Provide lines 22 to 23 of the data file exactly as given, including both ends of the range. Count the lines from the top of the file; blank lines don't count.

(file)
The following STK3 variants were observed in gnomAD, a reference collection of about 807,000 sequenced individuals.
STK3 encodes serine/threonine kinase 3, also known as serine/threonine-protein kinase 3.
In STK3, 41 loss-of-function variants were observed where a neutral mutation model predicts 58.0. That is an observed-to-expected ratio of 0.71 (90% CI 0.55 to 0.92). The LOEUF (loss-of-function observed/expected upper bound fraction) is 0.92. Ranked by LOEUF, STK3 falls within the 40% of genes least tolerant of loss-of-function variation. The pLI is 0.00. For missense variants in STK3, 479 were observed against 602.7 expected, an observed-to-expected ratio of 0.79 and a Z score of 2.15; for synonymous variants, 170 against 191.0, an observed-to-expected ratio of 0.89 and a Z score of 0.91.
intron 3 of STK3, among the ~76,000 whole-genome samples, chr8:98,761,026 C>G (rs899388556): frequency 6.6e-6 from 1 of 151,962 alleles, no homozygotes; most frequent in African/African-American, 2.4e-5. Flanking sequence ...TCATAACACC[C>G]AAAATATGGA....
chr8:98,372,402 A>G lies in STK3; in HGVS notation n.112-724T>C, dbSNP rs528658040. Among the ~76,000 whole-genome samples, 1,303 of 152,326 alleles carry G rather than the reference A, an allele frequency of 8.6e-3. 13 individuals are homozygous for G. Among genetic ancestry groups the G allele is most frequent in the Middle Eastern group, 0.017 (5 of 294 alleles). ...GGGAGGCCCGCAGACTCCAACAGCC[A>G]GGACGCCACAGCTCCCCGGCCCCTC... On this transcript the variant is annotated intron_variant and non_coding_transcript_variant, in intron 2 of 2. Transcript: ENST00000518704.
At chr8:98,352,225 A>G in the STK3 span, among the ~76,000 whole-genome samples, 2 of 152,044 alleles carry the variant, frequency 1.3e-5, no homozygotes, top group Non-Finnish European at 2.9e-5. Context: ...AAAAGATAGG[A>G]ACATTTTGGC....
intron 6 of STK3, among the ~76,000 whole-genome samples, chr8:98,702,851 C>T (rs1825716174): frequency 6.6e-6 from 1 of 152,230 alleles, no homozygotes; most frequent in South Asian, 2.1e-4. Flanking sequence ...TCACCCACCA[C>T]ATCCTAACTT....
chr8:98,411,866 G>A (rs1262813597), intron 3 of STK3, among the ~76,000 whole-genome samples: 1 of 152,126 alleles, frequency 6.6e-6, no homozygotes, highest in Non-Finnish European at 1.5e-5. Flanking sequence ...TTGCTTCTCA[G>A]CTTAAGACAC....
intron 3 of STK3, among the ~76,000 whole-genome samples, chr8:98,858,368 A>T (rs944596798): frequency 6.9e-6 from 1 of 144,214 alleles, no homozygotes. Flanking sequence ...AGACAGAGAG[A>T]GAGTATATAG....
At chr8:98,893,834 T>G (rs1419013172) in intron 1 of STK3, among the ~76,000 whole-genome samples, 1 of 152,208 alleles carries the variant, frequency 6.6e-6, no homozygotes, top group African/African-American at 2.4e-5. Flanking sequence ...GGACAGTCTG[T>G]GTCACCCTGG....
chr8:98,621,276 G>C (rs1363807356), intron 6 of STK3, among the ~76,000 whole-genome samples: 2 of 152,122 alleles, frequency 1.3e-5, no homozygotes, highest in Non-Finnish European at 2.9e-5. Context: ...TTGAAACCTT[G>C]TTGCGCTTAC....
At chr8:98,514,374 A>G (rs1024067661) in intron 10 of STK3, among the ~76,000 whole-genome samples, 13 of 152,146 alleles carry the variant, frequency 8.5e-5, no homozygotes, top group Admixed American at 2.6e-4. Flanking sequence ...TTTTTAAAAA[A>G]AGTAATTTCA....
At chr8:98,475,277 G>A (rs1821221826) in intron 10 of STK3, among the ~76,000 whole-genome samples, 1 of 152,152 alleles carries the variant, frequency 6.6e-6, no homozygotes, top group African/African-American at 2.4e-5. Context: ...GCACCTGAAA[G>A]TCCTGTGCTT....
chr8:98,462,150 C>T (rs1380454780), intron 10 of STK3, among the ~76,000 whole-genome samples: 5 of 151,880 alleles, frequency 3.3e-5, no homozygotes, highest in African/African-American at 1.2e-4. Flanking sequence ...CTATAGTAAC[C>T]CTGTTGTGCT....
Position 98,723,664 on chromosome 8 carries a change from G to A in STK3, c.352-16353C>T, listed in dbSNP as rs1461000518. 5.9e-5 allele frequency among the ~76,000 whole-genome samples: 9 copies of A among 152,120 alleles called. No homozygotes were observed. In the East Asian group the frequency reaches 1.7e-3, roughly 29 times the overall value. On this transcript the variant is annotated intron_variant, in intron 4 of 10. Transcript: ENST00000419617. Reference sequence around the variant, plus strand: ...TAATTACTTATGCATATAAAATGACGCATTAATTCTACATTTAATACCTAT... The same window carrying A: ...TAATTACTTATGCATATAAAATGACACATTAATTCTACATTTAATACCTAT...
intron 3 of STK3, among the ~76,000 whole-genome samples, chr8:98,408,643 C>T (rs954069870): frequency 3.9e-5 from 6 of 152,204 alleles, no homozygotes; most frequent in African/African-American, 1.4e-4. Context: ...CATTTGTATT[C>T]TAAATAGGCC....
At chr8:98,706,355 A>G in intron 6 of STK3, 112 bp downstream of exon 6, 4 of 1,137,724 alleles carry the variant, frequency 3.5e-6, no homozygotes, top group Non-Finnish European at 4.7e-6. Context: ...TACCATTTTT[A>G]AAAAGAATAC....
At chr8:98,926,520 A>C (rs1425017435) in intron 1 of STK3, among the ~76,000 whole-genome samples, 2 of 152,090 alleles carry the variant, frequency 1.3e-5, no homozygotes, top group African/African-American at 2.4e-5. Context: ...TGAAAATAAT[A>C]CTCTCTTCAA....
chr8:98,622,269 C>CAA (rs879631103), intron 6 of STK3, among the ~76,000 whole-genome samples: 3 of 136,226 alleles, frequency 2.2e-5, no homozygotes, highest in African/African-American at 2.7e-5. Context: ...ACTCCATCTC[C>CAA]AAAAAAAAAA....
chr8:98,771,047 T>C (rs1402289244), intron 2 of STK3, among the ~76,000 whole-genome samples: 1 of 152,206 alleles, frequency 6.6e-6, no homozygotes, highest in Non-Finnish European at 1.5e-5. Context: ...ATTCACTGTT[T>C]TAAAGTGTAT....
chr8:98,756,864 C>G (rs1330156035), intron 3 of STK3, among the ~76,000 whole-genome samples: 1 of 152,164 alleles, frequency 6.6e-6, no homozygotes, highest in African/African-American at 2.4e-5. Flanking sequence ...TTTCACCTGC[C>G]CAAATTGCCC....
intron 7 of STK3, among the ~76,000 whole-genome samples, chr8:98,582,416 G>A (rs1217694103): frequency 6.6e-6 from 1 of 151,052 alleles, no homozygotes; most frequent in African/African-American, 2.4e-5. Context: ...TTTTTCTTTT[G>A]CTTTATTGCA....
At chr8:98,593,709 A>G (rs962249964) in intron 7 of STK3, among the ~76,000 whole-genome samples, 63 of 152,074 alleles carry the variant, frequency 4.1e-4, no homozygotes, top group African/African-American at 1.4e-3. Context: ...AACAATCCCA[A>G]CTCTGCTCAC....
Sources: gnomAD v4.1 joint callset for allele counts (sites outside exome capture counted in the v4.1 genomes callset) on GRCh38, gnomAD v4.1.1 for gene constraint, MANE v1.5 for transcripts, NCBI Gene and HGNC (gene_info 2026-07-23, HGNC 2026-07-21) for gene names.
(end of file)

intron 7 of STK3, among the ~76,000 whole-genome samples, chr8:98,582,416 G>A (rs1217694103): frequency 6.6e-6 from 1 of 151,052 alleles, no homozygotes; most frequent in African/African-American, 2.4e-5. Context: ...TTTTTCTTTT[G>A]CTTTATTGCA....
At chr8:98,593,709 A>G (rs962249964) in intron 7 of STK3, among the ~76,000 whole-genome samples, 63 of 152,074 alleles carry the variant, frequency 4.1e-4, no homozygotes, top group African/African-American at 1.4e-3. Context: ...AACAATCCCA[A>G]CTCTGCTCAC....